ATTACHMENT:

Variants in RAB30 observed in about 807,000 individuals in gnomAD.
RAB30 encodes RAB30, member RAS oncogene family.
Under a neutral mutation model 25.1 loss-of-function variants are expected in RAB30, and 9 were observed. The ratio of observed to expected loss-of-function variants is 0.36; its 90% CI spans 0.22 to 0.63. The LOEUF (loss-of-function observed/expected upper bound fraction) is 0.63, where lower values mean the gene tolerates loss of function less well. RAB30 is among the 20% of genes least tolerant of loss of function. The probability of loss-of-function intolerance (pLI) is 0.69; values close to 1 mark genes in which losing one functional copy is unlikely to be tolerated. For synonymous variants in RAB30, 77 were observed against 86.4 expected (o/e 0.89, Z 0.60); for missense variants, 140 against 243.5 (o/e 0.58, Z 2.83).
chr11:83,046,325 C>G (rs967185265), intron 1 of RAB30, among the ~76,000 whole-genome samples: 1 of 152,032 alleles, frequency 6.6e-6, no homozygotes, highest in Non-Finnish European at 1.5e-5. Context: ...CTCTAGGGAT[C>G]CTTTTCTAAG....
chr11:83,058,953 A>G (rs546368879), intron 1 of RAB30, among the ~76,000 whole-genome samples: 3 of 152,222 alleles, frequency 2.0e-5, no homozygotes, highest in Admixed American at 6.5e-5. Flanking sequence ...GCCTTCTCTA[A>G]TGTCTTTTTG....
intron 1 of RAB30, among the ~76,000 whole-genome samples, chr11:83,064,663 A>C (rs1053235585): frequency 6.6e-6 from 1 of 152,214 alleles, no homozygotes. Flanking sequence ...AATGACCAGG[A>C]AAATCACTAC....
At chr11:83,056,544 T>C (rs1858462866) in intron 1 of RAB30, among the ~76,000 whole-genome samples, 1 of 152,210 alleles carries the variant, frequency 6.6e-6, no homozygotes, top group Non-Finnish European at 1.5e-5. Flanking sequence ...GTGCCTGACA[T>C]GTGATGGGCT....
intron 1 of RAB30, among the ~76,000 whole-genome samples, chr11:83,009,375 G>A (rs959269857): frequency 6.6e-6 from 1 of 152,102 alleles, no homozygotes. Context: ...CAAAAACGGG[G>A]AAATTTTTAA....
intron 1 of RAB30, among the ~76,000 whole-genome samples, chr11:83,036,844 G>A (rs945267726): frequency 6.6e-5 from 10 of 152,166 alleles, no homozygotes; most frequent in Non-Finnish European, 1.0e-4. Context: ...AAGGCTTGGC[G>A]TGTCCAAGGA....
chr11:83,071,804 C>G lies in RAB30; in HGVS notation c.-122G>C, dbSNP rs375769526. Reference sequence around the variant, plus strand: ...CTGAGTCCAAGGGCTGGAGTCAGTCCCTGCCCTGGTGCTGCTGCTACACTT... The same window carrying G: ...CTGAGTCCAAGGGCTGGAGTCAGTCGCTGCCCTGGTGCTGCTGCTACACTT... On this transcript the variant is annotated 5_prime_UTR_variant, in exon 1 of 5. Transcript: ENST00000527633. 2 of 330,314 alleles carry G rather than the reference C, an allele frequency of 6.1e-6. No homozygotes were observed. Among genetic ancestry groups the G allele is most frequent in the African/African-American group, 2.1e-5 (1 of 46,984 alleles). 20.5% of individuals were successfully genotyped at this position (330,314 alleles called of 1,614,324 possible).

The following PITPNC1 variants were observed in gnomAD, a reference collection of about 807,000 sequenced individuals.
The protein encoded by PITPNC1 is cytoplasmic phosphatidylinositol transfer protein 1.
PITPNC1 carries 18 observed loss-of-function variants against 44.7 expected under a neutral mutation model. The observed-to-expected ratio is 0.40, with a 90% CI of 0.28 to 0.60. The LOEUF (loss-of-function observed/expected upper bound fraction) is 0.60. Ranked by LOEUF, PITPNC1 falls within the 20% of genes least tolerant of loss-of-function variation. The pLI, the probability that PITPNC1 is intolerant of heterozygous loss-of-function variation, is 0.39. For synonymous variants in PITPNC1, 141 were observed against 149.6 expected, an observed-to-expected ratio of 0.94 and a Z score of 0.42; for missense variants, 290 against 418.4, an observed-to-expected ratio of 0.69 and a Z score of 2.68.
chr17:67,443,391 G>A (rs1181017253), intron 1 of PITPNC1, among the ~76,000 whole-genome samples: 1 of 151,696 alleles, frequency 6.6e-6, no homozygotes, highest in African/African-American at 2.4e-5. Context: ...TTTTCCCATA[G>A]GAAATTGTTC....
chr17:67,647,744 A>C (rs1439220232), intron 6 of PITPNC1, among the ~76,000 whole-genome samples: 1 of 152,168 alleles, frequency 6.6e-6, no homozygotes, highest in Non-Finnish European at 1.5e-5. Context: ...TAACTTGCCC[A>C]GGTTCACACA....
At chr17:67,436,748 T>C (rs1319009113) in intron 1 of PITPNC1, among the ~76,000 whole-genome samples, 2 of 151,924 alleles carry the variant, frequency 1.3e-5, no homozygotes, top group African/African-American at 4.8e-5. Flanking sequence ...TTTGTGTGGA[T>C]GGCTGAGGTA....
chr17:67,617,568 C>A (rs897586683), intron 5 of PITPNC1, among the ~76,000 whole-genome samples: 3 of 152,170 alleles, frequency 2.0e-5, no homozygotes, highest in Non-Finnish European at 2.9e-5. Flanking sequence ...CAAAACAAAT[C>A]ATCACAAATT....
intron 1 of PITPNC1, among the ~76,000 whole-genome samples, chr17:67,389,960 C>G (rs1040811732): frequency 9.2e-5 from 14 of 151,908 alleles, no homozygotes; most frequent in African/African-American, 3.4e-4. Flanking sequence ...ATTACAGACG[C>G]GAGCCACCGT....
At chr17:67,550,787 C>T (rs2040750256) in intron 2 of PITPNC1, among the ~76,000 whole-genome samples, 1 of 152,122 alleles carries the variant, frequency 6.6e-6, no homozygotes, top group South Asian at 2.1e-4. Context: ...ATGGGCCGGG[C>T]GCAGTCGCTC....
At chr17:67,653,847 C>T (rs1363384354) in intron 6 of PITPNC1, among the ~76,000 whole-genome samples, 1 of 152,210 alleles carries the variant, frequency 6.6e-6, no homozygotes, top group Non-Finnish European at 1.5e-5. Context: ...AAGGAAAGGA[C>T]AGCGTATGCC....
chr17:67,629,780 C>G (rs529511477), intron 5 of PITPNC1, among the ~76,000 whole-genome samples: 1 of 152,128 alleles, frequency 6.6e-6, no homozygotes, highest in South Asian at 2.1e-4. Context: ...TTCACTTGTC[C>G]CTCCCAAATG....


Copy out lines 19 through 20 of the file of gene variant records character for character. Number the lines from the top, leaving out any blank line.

At chr17:67,550,787 C>T (rs2040750256) in intron 2 of PITPNC1, among the ~76,000 whole-genome samples, 1 of 152,122 alleles carries the variant, frequency 6.6e-6, no homozygotes, top group South Asian at 2.1e-4. Context: ...ATGGGCCGGG[C>T]GCAGTCGCTC....
At chr17:67,653,847 C>T (rs1363384354) in intron 6 of PITPNC1, among the ~76,000 whole-genome samples, 1 of 152,210 alleles carries the variant, frequency 6.6e-6, no homozygotes, top group Non-Finnish European at 1.5e-5. Context: ...AAGGAAAGGA[C>T]AGCGTATGCC....